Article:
Irony in Differences

Both Luna by Julie Anne Peters and Boy Meets Boy by David Levithan are young adult novels that distinguish themselves by their language and structure.  Young adult novels are typically driven by plot lines and messages, not by linguistics.  Each novel follows this young adult theme entirely, by having characters whose main point is to find their identity while facing challenges and obstacles.

Another genre that follows these ideals is the coming out story, which both of these novels are as well.  Coming out stories have paralleling concepts, however, typically these struggles involve sexuality or gender identity and the coping mechanisms that characters use. Luna by Julie Anne Peters follows these ideals with a main character, Reagan, who is an adolescent trying to understand her own identity, while at the same time struggling to understand her transgender brother.  The main character is facing challenges that many people face, attempting to define herself through high school, however she also endeavors to protect and comprehend what her sibling is going through. While Luna captures the coming out narrative structure, Boy Meets Boy strays from the ‘common’ construction of these stories.  The main character, Paul, has already uncovered his identity, and he lives in a community that is overwhelmingly accepting and understanding.  While some of Paul’s peers are still attempting to understand their identity, we do not see these challenges as in depth because they are not happening with the main character.  This creates a utopian experience within the book, which is not relatable.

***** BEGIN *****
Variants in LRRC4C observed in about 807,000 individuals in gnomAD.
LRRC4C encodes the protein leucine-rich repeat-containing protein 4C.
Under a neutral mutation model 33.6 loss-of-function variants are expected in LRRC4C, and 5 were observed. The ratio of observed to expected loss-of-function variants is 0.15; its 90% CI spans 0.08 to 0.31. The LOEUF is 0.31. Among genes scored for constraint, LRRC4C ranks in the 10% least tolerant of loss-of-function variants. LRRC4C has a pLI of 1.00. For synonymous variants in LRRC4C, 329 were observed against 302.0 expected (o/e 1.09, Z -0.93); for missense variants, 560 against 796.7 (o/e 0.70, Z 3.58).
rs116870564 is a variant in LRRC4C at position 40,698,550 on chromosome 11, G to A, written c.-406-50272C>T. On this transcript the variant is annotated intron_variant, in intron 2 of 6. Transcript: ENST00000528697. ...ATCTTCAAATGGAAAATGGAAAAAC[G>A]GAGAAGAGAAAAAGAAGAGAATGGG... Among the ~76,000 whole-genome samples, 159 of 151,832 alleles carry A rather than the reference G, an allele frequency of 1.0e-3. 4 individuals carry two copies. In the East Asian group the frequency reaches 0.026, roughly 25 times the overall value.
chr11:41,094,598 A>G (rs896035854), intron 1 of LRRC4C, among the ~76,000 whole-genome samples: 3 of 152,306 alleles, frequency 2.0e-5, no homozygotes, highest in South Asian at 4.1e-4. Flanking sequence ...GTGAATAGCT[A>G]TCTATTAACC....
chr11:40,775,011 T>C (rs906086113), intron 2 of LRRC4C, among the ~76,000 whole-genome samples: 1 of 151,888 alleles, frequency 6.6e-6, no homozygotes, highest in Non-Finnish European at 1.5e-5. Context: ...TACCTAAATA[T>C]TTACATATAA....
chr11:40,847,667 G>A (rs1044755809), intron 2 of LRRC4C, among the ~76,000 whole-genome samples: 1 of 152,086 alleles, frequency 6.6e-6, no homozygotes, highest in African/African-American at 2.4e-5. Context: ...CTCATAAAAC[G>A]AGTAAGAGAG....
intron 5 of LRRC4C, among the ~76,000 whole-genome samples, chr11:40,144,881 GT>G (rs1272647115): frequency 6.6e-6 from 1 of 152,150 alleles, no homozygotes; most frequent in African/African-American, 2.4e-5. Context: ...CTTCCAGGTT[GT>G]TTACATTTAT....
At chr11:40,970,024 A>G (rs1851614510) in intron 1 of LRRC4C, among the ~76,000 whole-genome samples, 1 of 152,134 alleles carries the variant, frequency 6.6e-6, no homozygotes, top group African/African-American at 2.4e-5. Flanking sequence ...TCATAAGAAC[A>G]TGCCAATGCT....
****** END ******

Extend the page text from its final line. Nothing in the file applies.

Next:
It is interesting to talk about how Boy Meets Boy is different than typical coming out stories because it does not fit common themes we see throughout the genre; however, the entire genre is about people breaking societal norms to find their own identities. There is a lot of irony in this analysis because if each story is valid in its own truth, then why do we think some coming out stories are ‘abnormal’ because they don’t fit a certain structure?

2 thoughts on “Irony in Differences”

  1. It is interesting you brought up Reagan’s self identity story as well. I think a lot of people, including myself, focus on Luna’s story throughout the novel. However, we see Reagan also discover who she is and mature in the novel. Reagan and Luna both help each other discover themselves which highlights the sibling bonds in the novel.

  2. I really liked the point you made in the last paragraph of your post. It is really interesting that in a genre that specifically is about breaking societal norms to find there true identity that we are shocked when a narrative about that breaks the typical plot that these “coming out” stories tend to follow. I think that it speaks to our tendencies as a society to ascribe rules to everything, even to how we should break the rules. It is even hard for me to fully wrap my head around this concept; I think it would be really interesting for you to explore this idea in a further blog post.

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